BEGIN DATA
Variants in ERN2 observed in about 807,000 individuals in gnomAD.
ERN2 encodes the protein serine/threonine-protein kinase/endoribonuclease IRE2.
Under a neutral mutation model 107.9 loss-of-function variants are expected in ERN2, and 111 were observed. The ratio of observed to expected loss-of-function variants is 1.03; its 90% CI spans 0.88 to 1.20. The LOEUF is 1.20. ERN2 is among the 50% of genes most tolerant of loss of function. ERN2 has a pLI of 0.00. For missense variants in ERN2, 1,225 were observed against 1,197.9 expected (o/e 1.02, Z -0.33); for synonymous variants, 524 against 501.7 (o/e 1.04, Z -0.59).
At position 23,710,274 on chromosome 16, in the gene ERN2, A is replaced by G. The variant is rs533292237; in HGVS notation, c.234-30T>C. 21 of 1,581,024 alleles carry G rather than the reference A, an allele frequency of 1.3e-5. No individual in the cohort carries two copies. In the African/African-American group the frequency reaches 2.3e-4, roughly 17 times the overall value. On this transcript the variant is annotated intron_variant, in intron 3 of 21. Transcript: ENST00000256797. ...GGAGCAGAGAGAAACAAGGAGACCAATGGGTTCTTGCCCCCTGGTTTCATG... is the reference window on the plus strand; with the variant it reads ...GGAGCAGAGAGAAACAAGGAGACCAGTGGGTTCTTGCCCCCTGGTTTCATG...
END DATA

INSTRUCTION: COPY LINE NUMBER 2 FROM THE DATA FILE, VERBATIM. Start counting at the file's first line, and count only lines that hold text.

ERN2 encodes the protein serine/threonine-protein kinase/endoribonuclease IRE2.